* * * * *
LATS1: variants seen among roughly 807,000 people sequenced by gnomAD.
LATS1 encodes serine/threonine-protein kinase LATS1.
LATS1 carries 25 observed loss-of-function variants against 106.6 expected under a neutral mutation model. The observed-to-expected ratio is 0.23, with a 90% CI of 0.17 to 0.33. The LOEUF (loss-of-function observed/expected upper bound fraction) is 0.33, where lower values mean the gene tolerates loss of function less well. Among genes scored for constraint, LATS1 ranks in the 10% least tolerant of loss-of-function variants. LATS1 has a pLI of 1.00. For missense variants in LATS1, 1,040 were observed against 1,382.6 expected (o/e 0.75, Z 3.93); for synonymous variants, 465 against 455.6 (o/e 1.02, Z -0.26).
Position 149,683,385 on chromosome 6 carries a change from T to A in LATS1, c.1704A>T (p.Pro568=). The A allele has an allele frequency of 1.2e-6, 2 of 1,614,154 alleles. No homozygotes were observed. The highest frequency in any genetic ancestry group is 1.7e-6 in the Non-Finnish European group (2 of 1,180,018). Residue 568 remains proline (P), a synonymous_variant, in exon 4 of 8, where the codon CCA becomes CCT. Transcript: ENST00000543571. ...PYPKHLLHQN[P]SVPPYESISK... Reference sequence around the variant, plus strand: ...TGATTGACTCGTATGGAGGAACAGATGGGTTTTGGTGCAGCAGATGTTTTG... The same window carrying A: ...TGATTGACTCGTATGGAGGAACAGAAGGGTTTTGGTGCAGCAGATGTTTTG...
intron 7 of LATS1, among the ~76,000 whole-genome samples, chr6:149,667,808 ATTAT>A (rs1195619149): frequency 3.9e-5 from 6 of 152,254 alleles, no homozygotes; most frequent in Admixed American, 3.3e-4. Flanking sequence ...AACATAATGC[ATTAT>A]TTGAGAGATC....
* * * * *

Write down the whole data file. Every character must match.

LATS1: variants seen among roughly 807,000 people sequenced by gnomAD.
LATS1 encodes serine/threonine-protein kinase LATS1.
LATS1 carries 25 observed loss-of-function variants against 106.6 expected under a neutral mutation model. The observed-to-expected ratio is 0.23, with a 90% CI of 0.17 to 0.33. The LOEUF (loss-of-function observed/expected upper bound fraction) is 0.33, where lower values mean the gene tolerates loss of function less well. Among genes scored for constraint, LATS1 ranks in the 10% least tolerant of loss-of-function variants. LATS1 has a pLI of 1.00. For missense variants in LATS1, 1,040 were observed against 1,382.6 expected (o/e 0.75, Z 3.93); for synonymous variants, 465 against 455.6 (o/e 1.02, Z -0.26).
Position 149,683,385 on chromosome 6 carries a change from T to A in LATS1, c.1704A>T (p.Pro568=). The A allele has an allele frequency of 1.2e-6, 2 of 1,614,154 alleles. No homozygotes were observed. The highest frequency in any genetic ancestry group is 1.7e-6 in the Non-Finnish European group (2 of 1,180,018). Residue 568 remains proline (P), a synonymous_variant, in exon 4 of 8, where the codon CCA becomes CCT. Transcript: ENST00000543571. ...PYPKHLLHQN[P]SVPPYESISK... Reference sequence around the variant, plus strand: ...TGATTGACTCGTATGGAGGAACAGATGGGTTTTGGTGCAGCAGATGTTTTG... The same window carrying A: ...TGATTGACTCGTATGGAGGAACAGAAGGGTTTTGGTGCAGCAGATGTTTTG...
intron 7 of LATS1, among the ~76,000 whole-genome samples, chr6:149,667,808 ATTAT>A (rs1195619149): frequency 3.9e-5 from 6 of 152,254 alleles, no homozygotes; most frequent in Admixed American, 3.3e-4. Flanking sequence ...AACATAATGC[ATTAT>A]TTGAGAGATC....